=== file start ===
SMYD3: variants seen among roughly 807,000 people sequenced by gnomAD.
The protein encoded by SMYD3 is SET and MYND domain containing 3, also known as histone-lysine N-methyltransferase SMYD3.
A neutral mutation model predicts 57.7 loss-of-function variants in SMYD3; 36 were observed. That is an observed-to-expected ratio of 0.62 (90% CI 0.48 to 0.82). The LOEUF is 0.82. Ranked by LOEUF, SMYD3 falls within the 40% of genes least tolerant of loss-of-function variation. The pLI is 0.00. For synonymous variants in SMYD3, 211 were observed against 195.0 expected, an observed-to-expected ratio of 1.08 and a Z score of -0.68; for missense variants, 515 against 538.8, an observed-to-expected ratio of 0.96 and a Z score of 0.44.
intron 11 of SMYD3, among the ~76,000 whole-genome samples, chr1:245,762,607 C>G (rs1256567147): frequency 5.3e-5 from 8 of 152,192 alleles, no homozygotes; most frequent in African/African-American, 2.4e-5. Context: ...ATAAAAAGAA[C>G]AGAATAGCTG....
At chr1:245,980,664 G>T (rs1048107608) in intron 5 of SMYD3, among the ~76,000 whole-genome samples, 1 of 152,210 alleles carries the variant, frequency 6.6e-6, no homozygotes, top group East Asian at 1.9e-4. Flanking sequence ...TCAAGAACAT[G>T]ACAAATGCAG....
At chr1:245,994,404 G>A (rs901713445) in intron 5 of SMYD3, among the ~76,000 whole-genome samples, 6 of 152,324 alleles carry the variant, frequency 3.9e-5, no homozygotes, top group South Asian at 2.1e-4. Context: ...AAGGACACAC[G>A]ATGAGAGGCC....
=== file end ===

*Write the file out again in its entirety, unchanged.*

SMYD3: variants seen among roughly 807,000 people sequenced by gnomAD.
The protein encoded by SMYD3 is SET and MYND domain containing 3, also known as histone-lysine N-methyltransferase SMYD3.
A neutral mutation model predicts 57.7 loss-of-function variants in SMYD3; 36 were observed. That is an observed-to-expected ratio of 0.62 (90% CI 0.48 to 0.82). The LOEUF is 0.82. Ranked by LOEUF, SMYD3 falls within the 40% of genes least tolerant of loss-of-function variation. The pLI is 0.00. For synonymous variants in SMYD3, 211 were observed against 195.0 expected, an observed-to-expected ratio of 1.08 and a Z score of -0.68; for missense variants, 515 against 538.8, an observed-to-expected ratio of 0.96 and a Z score of 0.44.
intron 11 of SMYD3, among the ~76,000 whole-genome samples, chr1:245,762,607 C>G (rs1256567147): frequency 5.3e-5 from 8 of 152,192 alleles, no homozygotes; most frequent in African/African-American, 2.4e-5. Context: ...ATAAAAAGAA[C>G]AGAATAGCTG....
At chr1:245,980,664 G>T (rs1048107608) in intron 5 of SMYD3, among the ~76,000 whole-genome samples, 1 of 152,210 alleles carries the variant, frequency 6.6e-6, no homozygotes, top group East Asian at 1.9e-4. Flanking sequence ...TCAAGAACAT[G>T]ACAAATGCAG....
At chr1:245,994,404 G>A (rs901713445) in intron 5 of SMYD3, among the ~76,000 whole-genome samples, 6 of 152,324 alleles carry the variant, frequency 3.9e-5, no homozygotes, top group South Asian at 2.1e-4. Context: ...AAGGACACAC[G>A]ATGAGAGGCC....